What exactly is Ireland doing on climate change?
Transport, agriculture and heating are locked into a pattern of rising emissions
Sales of electric vehicles including plug-in hybrids are increasing rapidly but from a low level. Photograph: Getty Images
The most effective way of addressing climate change is reducing carbon emissions and adopting renewable energy sources. On both fronts Ireland is coming up short.
We are out of step with many countries because we are locked into a pattern of rising CO2 emissions; notably in transport, agriculture and heating.
The UN Intergovernmental Panel on Climate Change (IPCC) “1.5 degree report” shows it’s not too late to reduce the worst effects of global warming – and confirms prompt actions now will minimise the economic costs.
Renewable energy: The Irish goal is to achieve 16 per cent renewable energy use by 2020. In spite of generating big amounts of onshore wind, this target will be missed while most EU countries will meet their commitments.
Delivery date: Likely by early 2020s – fines will be applied on a yearly basis from 2020 until we meet the target. More demanding targets are being set for 2030.
What does this mean? Best case scenario is next year’s budget will have to make allowance for fines of up to €200 million for missing our targets.
The worst-case scenario is the fines could reach up to €600 million, based on current estimates.
Power generation: The big success story as far as Ireland is concerned. We are close to achieving 40 per cent electricity generation from renewable energy sources by 2020. With a national grid now able to take a large and wide variety of renewables, there is potential for that to be scaled up to at least 70 per cent.
Delivery date: A provisional 2030 target is 60 per cent but 70 per cent is realisable by that date, according to recent analysis.
Diversification of energy sources: Critical to Irish energy security and less reliance on fossil fuels is the generation of a wider variety of energy sources (notably solar and offshore wind) and extending interconnector between Ireland and the UK, and with mainland Europe.
Delivery date: Solar rollout is likely from early 2020s; offshore wind in spite of its immense potential needs an urgent policy overhaul to facilitate quicker delivery. The Celtic Interconnector linking Ireland and France is due by 2025.
Heating homes and buildings and energy efficiency: Buildings using fossil fuel boilers account for more than 30 per cent of Irish emissions. A hugely costly deep retrofit of housing stock is needed over coming decades. Up to 2 million homes in Ireland need to be refurbished to become as close as possible to “zero carbon”.
Delivery date: To be confirmed – 100,000 houses a year are needed to be retrofitted every year for the next 20 years.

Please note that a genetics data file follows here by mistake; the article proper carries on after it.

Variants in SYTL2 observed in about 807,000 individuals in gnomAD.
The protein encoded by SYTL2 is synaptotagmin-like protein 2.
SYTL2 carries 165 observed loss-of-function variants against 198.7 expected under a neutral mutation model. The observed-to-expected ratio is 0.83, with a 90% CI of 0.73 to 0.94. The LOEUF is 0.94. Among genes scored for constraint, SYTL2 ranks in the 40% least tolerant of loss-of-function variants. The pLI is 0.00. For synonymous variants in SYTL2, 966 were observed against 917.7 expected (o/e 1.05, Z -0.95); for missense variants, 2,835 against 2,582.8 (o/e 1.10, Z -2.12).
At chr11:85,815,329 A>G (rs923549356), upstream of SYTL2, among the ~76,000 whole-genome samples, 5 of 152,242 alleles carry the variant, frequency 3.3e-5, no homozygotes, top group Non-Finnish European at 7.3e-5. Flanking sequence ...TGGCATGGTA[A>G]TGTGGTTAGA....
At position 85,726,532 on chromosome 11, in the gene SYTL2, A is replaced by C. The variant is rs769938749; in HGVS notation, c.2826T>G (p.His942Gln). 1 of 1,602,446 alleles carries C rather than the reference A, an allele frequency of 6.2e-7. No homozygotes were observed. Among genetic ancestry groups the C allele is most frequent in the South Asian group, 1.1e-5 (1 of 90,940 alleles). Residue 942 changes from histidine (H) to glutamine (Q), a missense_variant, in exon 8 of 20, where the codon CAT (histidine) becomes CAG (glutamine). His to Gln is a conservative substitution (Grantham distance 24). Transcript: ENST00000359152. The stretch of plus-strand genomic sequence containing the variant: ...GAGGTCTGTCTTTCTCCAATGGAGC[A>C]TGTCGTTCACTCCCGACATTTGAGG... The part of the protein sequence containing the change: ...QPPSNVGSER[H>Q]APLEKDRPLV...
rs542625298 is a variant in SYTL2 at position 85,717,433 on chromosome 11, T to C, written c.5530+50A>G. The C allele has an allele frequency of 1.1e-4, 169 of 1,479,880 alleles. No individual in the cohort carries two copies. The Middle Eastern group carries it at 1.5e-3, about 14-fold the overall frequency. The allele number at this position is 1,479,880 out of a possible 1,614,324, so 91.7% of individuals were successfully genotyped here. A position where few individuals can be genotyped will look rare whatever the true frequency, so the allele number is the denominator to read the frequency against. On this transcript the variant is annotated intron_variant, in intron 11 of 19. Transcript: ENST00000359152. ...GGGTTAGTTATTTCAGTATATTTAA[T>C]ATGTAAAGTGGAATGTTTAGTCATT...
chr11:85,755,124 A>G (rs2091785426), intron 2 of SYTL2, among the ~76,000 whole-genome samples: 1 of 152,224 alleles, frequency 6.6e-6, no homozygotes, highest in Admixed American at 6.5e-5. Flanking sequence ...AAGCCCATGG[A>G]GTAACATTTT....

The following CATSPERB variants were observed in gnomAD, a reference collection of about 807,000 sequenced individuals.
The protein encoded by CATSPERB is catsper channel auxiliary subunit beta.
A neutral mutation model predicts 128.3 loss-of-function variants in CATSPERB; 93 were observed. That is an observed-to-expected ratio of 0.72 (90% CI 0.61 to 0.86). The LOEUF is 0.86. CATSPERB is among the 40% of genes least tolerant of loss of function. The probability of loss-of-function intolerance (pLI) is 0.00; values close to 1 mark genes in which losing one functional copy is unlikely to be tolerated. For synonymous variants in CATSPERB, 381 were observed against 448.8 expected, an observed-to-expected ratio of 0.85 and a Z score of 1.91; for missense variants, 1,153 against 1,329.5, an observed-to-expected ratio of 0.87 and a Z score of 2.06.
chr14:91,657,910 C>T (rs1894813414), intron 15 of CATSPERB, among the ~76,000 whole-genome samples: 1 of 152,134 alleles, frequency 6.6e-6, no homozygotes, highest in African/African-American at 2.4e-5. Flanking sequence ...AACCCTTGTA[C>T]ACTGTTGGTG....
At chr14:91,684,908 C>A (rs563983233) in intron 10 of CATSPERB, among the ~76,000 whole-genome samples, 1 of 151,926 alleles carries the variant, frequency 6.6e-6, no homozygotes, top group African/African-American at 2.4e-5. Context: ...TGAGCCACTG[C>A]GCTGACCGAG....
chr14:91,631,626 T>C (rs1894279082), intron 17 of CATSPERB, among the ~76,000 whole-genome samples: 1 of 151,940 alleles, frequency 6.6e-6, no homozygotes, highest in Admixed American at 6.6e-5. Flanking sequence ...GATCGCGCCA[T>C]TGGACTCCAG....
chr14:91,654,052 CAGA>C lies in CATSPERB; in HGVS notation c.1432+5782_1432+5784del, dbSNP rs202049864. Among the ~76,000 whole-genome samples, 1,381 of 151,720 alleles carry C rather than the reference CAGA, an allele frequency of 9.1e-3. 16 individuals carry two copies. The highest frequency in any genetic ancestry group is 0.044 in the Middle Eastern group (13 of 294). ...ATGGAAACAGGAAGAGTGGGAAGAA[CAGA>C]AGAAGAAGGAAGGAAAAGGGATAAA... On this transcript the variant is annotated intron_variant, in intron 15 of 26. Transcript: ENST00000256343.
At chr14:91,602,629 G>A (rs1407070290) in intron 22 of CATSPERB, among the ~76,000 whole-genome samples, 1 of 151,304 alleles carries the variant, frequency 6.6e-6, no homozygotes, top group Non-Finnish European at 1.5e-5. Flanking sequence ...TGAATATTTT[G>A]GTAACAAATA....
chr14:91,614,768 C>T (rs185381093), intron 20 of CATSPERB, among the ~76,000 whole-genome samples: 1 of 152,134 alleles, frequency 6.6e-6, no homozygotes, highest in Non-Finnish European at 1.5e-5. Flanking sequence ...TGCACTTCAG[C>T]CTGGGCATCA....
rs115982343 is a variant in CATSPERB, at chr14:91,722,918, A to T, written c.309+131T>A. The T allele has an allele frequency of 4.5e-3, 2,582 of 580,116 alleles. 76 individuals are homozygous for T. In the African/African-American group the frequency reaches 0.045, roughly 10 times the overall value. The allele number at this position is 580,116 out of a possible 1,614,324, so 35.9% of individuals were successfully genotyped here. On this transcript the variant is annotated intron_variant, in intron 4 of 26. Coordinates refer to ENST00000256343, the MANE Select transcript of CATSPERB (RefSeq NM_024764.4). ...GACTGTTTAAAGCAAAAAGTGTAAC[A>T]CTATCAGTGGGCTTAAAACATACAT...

National Development Plan: €22 billion is committed to climate measures (mitigation and adaptation measures) in the National Development Plan over the coming decade to 2030.
Delivery date: Key measures are due to kick in from 2020 – finance is guaranteed but implementation and timelines are unclear.
Agriculture: Emissions from agriculture account for a third of Irish emissions and, like transport, are on a rising trajectory. “Smart farming” has been shown to reduce emissions arising from farming. A key policy driver will be a UN land use report coming in August 2019.
Delivery date: To be confirmed – emissions are unlikely to peak before 2025 due to major expansion of the sector.
Transport: The sale of cars using fossil fuels is to be banned by 2030. Sales of electric vehicles including plug-in hybrids are increasing rapidly but from a low level. The Government plans to have 500,000 electric vehicles on Irish roads by 2030.
Delivery date: That target is not realisable based on current uptake and lack of a widespread recharging network.
Carbon tax: The taxing of polluting behaviour in the burning of fossil fuels (petrol, diesel, oil, gas and peat) is currently at a modest €20 per tonne which is insufficient to prompt the widespread adoption of greener fuels and renewable energy needed. There is a likelihood of an increase of up to €10 per tonne in Tuesday’s budget.
Delivery date: The extent of ambition will be revealed in Tuesday’s budget.
Climate innovation: The Government has unveiled a €500 million Climate Action Fund with a view to finding innovative solutions. Initial applications have been received which propose radical projects on electric vehicle (EV) charging infrastructure and developing district heating.
Delivery date: To be confirmed.
Consumer buy-in: Critical to achieving societal change in moving to a decarbonised world is consumer buy-in, and recognition of that transformation in the way we live is needed today; not tomorrow.
The Citizen’s Assembly has outlined pertinent recommendations which, if implemented, would mean Ireland could become a world leader in addressing climate change. Politicians have yet to fully take on board its charting of a way forward. A National Dialogue on Climate Action has begun with meetings staged around the country.
The impact of a year of extreme weather events has concentrated minds like never before.
Delivery date: As soon as possible.